Last month the Standing Committee on Natural Resources tabled its report “Insect Management in Canada’s Forest sector: Strengthening National Cooperation Against Current and Future Outbreaks.” Pam Damoff, MP for Oakville North-Burlington and Parliamentary Secretary to the Minster of Health, was instrumental in extending the study to include urban forests.
As municipalities continue to struggle to deal with invasive species, the Committee recognized the need for federal leadership on the issue. One of the report’s recommendations was that the Minister convene a meeting of the federal, provincial, territorial, indigenous governments as well as the Federation of Canadian Municipalities to develop a coordinated national strategy to deal with invasive insects and diseases, including their impact on the urban forest. MP Damoff was asked to sit on the Committee hearings during the study, and was able to extend the study to include urban forests. She was also part of the report drafting and participated in creating the recommendations that the Committee put forward and ensured that municipalities and urban forests were reflected in the final report.
The Emerald Ash Borer is a forest pest native to Asia that has killed millions of Ash trees in southwestern Ontario. Due to its major economic and environmental threat, the Canadian Food Inspection Agency has prohibited the movement of firewood and any material made from Ash trees outside of designated areas under an Infested Places Order.
“I recall when I was on Oakville Town Council learning of the challenges municipalities faced when dealing with an invasive species like Emerald Ash Borer,” said MP Damoff. “While the federal government identifies invasive species, once that identification is done it is basically left to the individual municipalities to deal with the issue. Recognizing that bugs don’t recognize borders, it hampers the efforts to eradicate an invasive species when there isn’t a co-ordinated national strategy matched by federal and provincial funding. As a result, each municipality was left to its own devices to determine both how to deal with the attack on our urban forest, and to pay for the outcome of the devastation.”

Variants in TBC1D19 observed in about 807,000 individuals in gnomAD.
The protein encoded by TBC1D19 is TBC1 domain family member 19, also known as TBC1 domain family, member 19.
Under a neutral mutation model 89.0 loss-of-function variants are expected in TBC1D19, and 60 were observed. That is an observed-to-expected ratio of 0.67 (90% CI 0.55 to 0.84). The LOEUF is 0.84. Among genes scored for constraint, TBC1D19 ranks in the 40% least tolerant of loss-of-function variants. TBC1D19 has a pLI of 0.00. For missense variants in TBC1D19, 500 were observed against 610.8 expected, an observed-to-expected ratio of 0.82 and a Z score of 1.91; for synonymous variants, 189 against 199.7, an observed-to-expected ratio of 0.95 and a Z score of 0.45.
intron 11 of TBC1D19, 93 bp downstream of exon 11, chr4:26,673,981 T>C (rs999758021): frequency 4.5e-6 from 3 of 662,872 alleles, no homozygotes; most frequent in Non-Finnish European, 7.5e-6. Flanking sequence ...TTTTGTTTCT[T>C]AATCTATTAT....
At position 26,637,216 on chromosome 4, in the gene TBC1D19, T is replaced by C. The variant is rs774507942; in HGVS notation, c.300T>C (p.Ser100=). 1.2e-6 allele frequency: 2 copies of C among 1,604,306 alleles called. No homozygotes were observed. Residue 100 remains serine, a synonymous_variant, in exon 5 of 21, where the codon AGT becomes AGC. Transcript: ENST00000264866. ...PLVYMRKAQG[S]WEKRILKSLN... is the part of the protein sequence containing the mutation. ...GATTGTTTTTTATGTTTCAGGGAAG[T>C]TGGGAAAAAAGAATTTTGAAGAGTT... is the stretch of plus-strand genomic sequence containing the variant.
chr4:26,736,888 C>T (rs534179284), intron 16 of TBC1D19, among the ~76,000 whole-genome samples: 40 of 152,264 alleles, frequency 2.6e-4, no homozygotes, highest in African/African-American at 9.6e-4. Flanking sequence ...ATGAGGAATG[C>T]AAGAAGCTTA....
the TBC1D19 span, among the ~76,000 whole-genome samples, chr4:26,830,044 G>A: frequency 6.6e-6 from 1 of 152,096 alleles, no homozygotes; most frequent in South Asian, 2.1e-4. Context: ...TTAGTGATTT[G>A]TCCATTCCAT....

"Recognizing that bugs don’t recognize borders, it hampers the efforts to eradicate an invasive species when there isn’t a co-ordinated national strategy matched by federal and provincial funding."Pam Damoff, MPParliamentary Secretary to the Minister of Health
The Town of Oakville budgeted $2.5M in Budget 2019 for Emerald Ash Borer management. Beyond its economic impact, the health of our citizens and well being of our communities is dependent on a healthy urban forest. MP Damoff is pleased that the report recognized the impact of climate change on the prevalence of invasive species, as well as need for biodiversity in creating the resilience of our urban forests. Urban forests contribute to the economy, environment and social well being of our communities. Oakville Town Councillor Allan Elgar has a long-standing record of environmental conservation.
“I have been vocal on Council about the need to preserve and grow our tree canopy,” said Councillor Elgar. “In Oakville we actually put a value on it – the structural value of our urban forest is over $1 billion, the tree canopy provides almost $3 million in environmental benefits each year and the value of home energy savings is almost $2 million per year. The impact of Emerald Ash Borer has been devastating, both from a financial and environmental standpoint for the Town of Oakville. I applaud any efforts to provide a co-ordinated strategy that also puts dollars behind the advice from the federal government”
Burlington Mayor Marianne Meed Ward also expressed her support for a national strategy to protect Oakville North-Burlington’s urban forests from pests and disease.
“I am extremely happy the Federal Standing Committee on Natural Resources is recommending the creation of a co-ordinated national strategy to deal with invasive insects and diseases,” said Mayor Meed Ward. “And it’s great news our own Oakville North-Burlington MP Pam Damoff sat on the committee hearings during the study and that she was able to extend its reach to include urban forests. Burlington has been battling the Emerald Ash Borer for years and is now dealing with the Gypsy Moth as well — both are ravaging part of our urban tree canopy. Our City Council is dedicating hundreds of thousands of dollars to woodlot maintenance and tree-planting as protective measures as a result. With the concern of infestation becoming a growing problem, the City of Burlington will also be looking at long-term programming and resources in dealing with these invasive species. A co-ordinated national strategy will surely help what has become a cross-municipal borders issue.”